For most people, building a home is the largest financial commitment of their lives. For this reason alone, it is also often considered one of the most stressful events in a person’s life.
Usually, legal advice is obtained for the purchase of land. However, more often than not legal advice is not sought for the residential building contract even though the cost of building will generally match or exceed the cost of the land. Residential building contracts can be large lengthy documents which are often ignored until a problem arises.
The issue with not understanding your residential building contract is that when problems arise they are often very expensive problems to rectify. Further, why would you sign a contract worth hundreds of thousands of dollars that you do not understand? Some of the most common complaints in building disputes involve: defective work claims, breach of contractual terms, incomplete work, delay and unknown additional costs. More often than not these complaints can be avoided with basic understanding of the agreement.
Prior to signing a residential building contract, it is important to read and understand the terms of the contract. Many homeowners under estimate the importance, duration and procedures that are required prior to commencing construction. You should understand your rights and obligations under the contract, as well as the builder’s rights and obligations. As a homeowner your primary obligation is to obtain finance and make the progress payments as per the contract and your failure to do so may lead to the contract being terminated. You should understand the building plans, what is included in the cost and what is excluded. This is an area that without firm understanding often leads to the greatest disappointment and expense for homeowners. You should know whether it is you or your builder’s responsibility to lodge the development application and whether you will use a private certifier or local council as the certifying authority. Once construction commences, many homeowners are confused when it comes to excavation, retaining walls, prime cost items, insurance, variations, and handover. However, these are items which should be understood and agreed prior to signing the contract.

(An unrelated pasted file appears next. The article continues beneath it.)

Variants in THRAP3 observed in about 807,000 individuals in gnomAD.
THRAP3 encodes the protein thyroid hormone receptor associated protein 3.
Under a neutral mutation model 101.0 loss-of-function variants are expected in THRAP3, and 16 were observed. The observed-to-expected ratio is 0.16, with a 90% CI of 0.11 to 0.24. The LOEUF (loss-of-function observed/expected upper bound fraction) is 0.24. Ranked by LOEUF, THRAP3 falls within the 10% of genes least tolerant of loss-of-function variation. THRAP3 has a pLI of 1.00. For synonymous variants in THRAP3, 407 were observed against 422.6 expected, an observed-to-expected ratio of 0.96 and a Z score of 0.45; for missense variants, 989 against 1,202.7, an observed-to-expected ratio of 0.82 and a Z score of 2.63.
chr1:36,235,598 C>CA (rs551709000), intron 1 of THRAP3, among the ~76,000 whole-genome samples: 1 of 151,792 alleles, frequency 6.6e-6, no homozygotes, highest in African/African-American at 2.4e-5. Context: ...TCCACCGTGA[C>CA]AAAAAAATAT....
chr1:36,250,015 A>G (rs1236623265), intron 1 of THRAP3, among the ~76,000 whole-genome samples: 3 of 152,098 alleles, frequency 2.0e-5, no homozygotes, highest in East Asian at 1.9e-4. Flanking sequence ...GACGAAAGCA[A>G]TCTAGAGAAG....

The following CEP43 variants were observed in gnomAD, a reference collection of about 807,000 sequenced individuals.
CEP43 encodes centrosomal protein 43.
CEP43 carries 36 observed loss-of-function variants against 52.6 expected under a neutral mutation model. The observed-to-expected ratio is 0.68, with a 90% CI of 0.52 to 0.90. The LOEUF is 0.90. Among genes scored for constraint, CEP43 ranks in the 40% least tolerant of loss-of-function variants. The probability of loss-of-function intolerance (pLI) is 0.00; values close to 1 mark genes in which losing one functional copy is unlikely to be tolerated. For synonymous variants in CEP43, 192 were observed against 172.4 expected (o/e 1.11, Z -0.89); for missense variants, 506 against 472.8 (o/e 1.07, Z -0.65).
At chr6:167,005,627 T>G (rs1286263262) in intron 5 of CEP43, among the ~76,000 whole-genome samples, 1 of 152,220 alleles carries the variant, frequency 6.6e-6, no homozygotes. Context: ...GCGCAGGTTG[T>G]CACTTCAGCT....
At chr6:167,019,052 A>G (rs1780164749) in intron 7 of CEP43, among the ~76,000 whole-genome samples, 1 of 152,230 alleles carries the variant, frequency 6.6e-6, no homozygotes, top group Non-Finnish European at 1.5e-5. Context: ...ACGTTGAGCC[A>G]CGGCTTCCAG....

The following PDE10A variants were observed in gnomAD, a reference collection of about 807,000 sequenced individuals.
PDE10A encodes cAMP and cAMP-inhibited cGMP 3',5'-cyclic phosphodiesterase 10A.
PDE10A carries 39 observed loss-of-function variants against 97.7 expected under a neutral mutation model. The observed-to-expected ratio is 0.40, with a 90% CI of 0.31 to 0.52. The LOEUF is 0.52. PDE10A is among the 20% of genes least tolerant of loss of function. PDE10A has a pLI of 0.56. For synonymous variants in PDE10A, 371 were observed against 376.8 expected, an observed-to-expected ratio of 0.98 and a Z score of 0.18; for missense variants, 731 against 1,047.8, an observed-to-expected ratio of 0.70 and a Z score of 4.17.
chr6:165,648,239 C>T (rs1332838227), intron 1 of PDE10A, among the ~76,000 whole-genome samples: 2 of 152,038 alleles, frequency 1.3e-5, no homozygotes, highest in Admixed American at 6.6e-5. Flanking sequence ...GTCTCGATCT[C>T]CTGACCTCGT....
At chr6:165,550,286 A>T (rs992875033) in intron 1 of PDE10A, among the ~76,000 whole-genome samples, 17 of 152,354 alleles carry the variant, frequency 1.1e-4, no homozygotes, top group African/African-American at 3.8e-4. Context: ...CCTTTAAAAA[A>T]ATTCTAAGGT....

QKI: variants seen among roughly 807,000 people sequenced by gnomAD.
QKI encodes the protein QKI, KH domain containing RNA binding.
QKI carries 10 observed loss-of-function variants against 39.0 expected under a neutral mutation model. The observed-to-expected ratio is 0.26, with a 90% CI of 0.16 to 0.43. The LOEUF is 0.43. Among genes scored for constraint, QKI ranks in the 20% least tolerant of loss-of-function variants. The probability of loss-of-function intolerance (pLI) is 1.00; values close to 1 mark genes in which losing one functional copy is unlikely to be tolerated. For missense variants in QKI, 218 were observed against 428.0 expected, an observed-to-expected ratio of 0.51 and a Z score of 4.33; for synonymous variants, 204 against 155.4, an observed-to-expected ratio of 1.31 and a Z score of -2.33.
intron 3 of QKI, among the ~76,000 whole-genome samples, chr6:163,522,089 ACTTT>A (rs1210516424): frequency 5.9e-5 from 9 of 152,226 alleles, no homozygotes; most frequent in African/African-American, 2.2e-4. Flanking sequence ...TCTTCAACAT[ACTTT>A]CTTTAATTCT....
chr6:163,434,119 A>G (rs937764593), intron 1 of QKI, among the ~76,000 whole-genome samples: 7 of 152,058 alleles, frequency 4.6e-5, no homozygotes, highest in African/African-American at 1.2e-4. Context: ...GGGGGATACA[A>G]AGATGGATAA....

Generally speaking, it is insufficient and a conflict of interest for the builder who has a financial interest in the contract to provide you with legal advice about the contract. Good advice, a firm understanding of your building contract and organisation are key to a smooth and successful build.